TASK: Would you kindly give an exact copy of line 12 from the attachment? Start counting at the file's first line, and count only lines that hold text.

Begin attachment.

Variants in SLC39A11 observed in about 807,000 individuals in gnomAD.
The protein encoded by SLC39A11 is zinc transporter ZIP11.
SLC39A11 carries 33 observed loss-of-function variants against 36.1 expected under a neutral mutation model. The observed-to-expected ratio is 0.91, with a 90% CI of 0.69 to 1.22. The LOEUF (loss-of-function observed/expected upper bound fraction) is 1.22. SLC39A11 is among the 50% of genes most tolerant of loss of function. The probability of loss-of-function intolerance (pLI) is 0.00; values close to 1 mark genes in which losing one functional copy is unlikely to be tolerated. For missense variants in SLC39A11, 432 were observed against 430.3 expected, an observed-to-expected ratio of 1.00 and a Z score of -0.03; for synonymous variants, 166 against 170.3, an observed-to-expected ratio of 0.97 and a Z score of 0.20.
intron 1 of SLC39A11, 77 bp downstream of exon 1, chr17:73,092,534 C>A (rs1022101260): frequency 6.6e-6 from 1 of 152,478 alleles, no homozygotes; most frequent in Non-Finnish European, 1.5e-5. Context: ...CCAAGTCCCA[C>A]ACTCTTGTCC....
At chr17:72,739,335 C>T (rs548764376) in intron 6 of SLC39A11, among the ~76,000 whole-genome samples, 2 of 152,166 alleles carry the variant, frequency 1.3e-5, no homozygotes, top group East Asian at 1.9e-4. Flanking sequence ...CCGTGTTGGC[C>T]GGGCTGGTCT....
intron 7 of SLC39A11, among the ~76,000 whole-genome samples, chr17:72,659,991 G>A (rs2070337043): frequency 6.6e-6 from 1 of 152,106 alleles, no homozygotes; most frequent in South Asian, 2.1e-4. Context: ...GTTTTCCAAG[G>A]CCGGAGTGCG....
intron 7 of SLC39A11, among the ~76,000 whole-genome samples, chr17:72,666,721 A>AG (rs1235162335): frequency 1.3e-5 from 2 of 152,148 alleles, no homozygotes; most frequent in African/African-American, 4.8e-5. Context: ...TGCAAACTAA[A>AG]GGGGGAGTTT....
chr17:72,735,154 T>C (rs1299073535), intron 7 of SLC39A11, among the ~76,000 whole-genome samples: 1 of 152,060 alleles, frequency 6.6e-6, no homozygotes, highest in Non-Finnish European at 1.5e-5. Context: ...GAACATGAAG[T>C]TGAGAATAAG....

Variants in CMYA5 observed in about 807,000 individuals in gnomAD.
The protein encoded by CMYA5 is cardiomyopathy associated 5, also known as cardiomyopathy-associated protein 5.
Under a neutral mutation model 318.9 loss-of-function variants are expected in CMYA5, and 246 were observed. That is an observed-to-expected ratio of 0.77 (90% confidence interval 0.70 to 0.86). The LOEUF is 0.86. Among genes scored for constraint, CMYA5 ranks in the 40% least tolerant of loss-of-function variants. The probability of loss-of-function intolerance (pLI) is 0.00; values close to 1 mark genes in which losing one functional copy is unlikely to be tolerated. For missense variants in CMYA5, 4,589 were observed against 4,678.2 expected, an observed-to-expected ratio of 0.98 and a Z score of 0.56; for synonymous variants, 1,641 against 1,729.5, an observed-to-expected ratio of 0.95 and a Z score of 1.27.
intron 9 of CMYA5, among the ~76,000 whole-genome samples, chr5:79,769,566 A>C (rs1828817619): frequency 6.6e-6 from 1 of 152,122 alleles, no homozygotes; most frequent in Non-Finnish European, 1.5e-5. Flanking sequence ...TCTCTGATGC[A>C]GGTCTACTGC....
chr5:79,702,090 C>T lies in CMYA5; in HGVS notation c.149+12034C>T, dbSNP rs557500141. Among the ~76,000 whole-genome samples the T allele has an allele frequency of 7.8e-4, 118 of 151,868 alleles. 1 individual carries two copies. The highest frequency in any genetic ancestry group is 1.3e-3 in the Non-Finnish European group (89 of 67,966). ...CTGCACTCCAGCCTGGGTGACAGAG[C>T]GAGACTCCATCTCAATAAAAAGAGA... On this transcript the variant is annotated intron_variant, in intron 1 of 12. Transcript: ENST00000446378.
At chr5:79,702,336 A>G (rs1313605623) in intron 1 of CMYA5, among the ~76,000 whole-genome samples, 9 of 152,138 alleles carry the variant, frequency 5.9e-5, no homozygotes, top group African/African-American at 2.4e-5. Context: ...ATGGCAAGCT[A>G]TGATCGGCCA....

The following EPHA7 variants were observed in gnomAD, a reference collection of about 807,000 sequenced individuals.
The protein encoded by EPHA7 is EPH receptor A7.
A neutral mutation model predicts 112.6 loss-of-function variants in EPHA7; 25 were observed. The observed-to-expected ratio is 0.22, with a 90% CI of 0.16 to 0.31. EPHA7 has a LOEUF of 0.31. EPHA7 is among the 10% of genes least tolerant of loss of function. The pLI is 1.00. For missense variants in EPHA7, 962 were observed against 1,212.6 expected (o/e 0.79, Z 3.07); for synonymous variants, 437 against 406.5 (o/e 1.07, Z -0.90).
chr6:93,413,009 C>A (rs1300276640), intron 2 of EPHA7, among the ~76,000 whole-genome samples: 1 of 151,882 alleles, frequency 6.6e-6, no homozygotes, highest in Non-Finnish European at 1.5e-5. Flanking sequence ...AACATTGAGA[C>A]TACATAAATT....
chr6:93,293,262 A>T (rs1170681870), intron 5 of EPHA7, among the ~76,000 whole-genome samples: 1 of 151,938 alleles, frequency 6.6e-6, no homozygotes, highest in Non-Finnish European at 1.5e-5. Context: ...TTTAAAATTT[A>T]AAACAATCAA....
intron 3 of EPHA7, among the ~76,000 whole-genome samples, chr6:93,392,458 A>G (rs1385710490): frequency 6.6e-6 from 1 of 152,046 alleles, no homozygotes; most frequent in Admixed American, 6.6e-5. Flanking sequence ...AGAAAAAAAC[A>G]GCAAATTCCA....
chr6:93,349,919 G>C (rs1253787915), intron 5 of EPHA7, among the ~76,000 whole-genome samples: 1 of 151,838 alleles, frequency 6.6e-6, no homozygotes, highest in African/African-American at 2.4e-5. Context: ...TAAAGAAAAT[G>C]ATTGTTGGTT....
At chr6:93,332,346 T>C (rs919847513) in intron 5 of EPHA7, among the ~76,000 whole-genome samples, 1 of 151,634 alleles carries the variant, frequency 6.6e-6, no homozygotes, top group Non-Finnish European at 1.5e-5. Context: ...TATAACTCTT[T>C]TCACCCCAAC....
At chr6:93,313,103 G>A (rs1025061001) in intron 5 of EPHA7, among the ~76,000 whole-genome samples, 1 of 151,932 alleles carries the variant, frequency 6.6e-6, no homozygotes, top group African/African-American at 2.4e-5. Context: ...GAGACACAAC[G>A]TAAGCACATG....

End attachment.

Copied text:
intron 9 of CMYA5, among the ~76,000 whole-genome samples, chr5:79,769,566 A>C (rs1828817619): frequency 6.6e-6 from 1 of 152,122 alleles, no homozygotes; most frequent in Non-Finnish European, 1.5e-5. Flanking sequence ...TCTCTGATGC[A>C]GGTCTACTGC....